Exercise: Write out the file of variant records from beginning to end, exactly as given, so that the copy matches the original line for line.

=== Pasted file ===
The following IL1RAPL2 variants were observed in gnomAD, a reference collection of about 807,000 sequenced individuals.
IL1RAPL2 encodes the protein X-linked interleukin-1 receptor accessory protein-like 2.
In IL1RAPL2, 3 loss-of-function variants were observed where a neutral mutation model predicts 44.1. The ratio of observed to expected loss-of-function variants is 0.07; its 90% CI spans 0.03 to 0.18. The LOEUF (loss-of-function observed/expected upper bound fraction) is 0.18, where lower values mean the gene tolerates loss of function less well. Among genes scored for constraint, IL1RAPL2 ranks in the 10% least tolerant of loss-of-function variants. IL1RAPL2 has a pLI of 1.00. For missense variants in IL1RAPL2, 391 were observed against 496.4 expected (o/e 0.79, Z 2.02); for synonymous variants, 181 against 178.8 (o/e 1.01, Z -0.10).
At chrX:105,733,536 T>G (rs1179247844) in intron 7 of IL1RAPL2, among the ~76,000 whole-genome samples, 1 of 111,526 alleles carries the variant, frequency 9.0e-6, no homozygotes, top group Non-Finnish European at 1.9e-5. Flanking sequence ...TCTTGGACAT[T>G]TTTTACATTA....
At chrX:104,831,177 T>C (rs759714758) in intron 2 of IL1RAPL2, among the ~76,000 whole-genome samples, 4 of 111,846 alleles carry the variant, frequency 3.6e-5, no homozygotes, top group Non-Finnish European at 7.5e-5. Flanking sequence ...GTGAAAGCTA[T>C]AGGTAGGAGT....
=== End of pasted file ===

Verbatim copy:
The following IL1RAPL2 variants were observed in gnomAD, a reference collection of about 807,000 sequenced individuals.
IL1RAPL2 encodes the protein X-linked interleukin-1 receptor accessory protein-like 2.
In IL1RAPL2, 3 loss-of-function variants were observed where a neutral mutation model predicts 44.1. The ratio of observed to expected loss-of-function variants is 0.07; its 90% CI spans 0.03 to 0.18. The LOEUF (loss-of-function observed/expected upper bound fraction) is 0.18, where lower values mean the gene tolerates loss of function less well. Among genes scored for constraint, IL1RAPL2 ranks in the 10% least tolerant of loss-of-function variants. IL1RAPL2 has a pLI of 1.00. For missense variants in IL1RAPL2, 391 were observed against 496.4 expected (o/e 0.79, Z 2.02); for synonymous variants, 181 against 178.8 (o/e 1.01, Z -0.10).
At chrX:105,733,536 T>G (rs1179247844) in intron 7 of IL1RAPL2, among the ~76,000 whole-genome samples, 1 of 111,526 alleles carries the variant, frequency 9.0e-6, no homozygotes, top group Non-Finnish European at 1.9e-5. Flanking sequence ...TCTTGGACAT[T>G]TTTTACATTA....
At chrX:104,831,177 T>C (rs759714758) in intron 2 of IL1RAPL2, among the ~76,000 whole-genome samples, 4 of 111,846 alleles carry the variant, frequency 3.6e-5, no homozygotes, top group Non-Finnish European at 7.5e-5. Flanking sequence ...GTGAAAGCTA[T>C]AGGTAGGAGT....